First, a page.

Shama Hanif is a 26-year-old Muslim woman who works as a school counsellor in Peterborough. She was diagnosed with anorexia in her mid teens. Here, in her own words, Ms Hanif tells of her struggle with the illness and how she has cast off the shame she once felt about her condition.
'It felt like I was in control'
It all started when I was 14 as an attempt to just try to control everything that was going on as it all felt so out of control. I just felt really invisible, like no-one cared.
Things just kept going wrong and I felt really alone, like I was mediocre at everything - not particularly clever, not popular, not one of the pretty girls. I just felt like no-one would care if I wasn't there and I just wanted to feel like I was in control of something.
As soon as the food restriction started, I felt that control.
Even now when I look back and it was completely out of control and I wasn't in control at all, at the time it felt like I was in control of something.
When my anorexia first started, my parents thought I was just trying to be healthy. They didn't encourage it but they didn't think it was a problem.
When I was referred to the children and adolescent mental health service (Camhs) and [my parents] were told, "Your daughter has been diagnosed with anorexia nervosa, and this is what it means," my dad said: "I thought that only happens to models."
He just couldn't understand how to help, he didn't know what to do.
Neither did my mum, who is from Pakistan and, I'm sure there are people struggling with anorexia, but it doesn't get spoken about. She is from a family which has to work really hard to put food on the table and [has] grown up with food as a blessing, like if you can get a meal then you're really lucky.
For her it doesn't make sense for someone to say no to food when they are lucky enough to be able to afford it.
My parents didn't speak about it [Ms Hanif's anorexia] so when anybody would ever ask "where is Shama? Is she OK?" they would say "no she's really unwell" but wouldn't say "she's got anorexia".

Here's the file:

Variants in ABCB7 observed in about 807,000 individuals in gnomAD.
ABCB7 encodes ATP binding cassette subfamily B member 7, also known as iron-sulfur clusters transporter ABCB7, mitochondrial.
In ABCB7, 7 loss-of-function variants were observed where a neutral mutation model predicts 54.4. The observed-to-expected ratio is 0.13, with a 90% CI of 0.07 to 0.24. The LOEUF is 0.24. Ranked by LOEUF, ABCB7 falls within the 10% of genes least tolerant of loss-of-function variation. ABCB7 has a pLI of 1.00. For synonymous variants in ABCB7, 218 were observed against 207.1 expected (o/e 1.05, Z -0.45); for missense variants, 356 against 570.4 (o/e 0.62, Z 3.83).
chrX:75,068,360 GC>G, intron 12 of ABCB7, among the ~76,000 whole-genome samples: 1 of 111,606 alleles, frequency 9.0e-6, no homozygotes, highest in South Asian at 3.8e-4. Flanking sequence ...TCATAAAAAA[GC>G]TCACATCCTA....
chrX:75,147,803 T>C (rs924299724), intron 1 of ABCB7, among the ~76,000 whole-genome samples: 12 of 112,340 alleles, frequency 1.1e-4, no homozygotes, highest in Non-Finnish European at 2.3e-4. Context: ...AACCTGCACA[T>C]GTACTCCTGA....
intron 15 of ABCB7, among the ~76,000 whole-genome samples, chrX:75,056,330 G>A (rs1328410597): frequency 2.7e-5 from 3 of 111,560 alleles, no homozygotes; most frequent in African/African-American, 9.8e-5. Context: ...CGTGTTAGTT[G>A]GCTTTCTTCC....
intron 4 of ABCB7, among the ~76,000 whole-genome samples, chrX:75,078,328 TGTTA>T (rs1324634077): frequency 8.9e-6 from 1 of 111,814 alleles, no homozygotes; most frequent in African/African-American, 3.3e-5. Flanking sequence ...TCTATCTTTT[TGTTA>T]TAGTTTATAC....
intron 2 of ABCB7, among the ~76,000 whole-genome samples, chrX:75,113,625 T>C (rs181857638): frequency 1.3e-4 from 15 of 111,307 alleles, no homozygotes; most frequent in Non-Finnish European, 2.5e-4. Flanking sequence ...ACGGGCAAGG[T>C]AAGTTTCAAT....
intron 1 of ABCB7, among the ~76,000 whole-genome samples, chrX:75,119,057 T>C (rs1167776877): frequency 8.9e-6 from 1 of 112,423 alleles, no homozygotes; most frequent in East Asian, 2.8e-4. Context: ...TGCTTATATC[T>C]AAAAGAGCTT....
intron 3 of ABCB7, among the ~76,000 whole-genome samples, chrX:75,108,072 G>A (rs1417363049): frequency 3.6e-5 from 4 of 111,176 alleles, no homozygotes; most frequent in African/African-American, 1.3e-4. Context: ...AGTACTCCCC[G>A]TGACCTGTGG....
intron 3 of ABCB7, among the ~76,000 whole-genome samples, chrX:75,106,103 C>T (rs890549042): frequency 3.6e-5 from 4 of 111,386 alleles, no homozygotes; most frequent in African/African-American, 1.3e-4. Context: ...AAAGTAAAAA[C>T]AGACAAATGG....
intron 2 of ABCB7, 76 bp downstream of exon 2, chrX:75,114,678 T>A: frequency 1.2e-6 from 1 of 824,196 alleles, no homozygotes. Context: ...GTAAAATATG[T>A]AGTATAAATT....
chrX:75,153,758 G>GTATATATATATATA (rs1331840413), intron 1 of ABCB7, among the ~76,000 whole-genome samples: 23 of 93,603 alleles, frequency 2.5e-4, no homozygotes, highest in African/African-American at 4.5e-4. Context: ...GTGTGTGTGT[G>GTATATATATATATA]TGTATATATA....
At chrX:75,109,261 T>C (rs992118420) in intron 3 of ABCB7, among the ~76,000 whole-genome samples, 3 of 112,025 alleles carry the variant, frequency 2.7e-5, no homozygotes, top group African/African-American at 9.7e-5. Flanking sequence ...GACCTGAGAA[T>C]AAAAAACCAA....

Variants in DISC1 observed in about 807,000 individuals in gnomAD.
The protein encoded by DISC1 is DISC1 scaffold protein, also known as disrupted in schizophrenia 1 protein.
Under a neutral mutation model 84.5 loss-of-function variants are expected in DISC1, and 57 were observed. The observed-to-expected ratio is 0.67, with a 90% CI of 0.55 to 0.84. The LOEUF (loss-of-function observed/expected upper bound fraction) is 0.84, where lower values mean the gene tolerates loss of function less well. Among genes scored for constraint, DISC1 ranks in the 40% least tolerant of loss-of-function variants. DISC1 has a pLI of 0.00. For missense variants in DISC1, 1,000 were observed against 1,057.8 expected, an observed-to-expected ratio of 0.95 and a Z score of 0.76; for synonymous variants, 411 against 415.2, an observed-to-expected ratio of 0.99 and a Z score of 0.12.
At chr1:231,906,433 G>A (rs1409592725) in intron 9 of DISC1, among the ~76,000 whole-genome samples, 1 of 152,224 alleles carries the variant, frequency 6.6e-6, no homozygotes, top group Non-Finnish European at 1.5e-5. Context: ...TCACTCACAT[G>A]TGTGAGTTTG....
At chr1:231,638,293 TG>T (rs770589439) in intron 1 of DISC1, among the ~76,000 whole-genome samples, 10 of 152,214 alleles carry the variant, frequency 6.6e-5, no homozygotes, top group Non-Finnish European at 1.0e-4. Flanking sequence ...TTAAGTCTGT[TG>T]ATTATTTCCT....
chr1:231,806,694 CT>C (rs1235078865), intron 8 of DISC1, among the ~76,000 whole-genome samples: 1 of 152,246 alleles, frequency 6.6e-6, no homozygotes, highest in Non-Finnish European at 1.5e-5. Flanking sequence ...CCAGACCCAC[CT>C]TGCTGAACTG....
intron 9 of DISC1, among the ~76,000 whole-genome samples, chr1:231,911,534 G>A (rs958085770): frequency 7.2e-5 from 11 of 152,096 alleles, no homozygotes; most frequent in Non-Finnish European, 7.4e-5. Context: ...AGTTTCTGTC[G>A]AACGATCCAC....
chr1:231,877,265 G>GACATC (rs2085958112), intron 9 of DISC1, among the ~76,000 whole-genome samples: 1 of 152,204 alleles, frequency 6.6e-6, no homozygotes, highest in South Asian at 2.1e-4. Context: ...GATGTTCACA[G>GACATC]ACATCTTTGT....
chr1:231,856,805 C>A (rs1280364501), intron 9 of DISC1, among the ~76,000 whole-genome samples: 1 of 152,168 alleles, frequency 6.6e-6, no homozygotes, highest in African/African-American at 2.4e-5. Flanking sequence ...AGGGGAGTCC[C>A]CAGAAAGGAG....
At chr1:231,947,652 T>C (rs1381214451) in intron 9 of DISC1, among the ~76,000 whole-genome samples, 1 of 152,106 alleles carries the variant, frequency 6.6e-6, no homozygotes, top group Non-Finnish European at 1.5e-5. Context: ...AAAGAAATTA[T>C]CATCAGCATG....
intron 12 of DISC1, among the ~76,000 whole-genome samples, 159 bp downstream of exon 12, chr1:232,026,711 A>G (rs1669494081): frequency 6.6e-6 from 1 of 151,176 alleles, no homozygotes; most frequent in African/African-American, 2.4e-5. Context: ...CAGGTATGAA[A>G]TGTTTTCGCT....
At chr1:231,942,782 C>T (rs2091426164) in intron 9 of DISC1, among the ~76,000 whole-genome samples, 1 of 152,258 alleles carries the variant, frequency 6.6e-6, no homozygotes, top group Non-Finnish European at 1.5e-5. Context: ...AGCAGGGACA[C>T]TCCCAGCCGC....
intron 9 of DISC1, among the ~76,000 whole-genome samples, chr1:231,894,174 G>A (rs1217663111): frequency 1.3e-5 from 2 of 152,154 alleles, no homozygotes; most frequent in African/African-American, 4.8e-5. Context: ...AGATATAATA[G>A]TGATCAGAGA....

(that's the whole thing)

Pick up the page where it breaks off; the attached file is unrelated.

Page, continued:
'It's almost seen as a weakness'
Mental health in general is something that is really taboo in the Pakistani community. If you're struggling, you don't talk about it. You keep it within the family. It's almost seen as a weakness.
If you tell someone you're struggling it's a weakness, you deal with it, you don't tell other people, you just get on with it.
So I think 10 years ago that definitely was the case that when people asked, my parents probably felt like they were going to get lots of judgement if they were honest because people wouldn't understand.
On my treatment, I was lucky enough to have amazing nurses and the Camhs team were great, even though at the time they didn't feel great. I hated them.
They were making me do things I didn't want to do and making me feel out of control again but now when I look back at it they did save my life.
'There's nothing to be ashamed of'
I would say the last two years are the first time I've had a normal relationship with food, or even a better relationship with food. It will probably always still be there but I think the last two years I [have] been able to find ways to deal with it and remind myself of how far I've come and what's actually important.
Twenty years down the line I don't want to look back and think all I did was worry about food. I'm hoping that if anyone's reading this they can see I'm on the other side of it now and it is possible, and also to not feel ashamed by it.
I think for a long time I felt really ashamed to admit this.
There are lots of people in my life who will not know any of this until they've seen this and I think it's because I've been ashamed all this time and I don't want people to feel that way, because there's nothing to be ashamed of.
'Tsunami of referrals'
Mandy Scott co-founded the Peterborough-based eating disorder charity Personalised Eating Disorder Support (Peds), which has supported Shama.
She said the charity had seen an increase in referrals from ethnic minority groups.
"For example in the Muslim community," Ms Scott said, "we are finding more people are coming forward now, not necessarily for themselves but another family member is often referring on their behalf, with the service user's consent.
"I think hopefully it's recognised more now. It doesn't matter who you are, where you're from, what your background is, eating disorders can affect anybody."
In England, hospital admissions for people with eating disorders have risen by 84% over the past five years.
And Covid-19 has had an impact too, Ms Scott said. Her charity has seen a 400% rise in referrals since the pandemic.
She said: "In the last few years when we have seen the tsunami of referrals I think now as a government it's being taken more seriously and more is being put into research, and that's something we really need to continue with."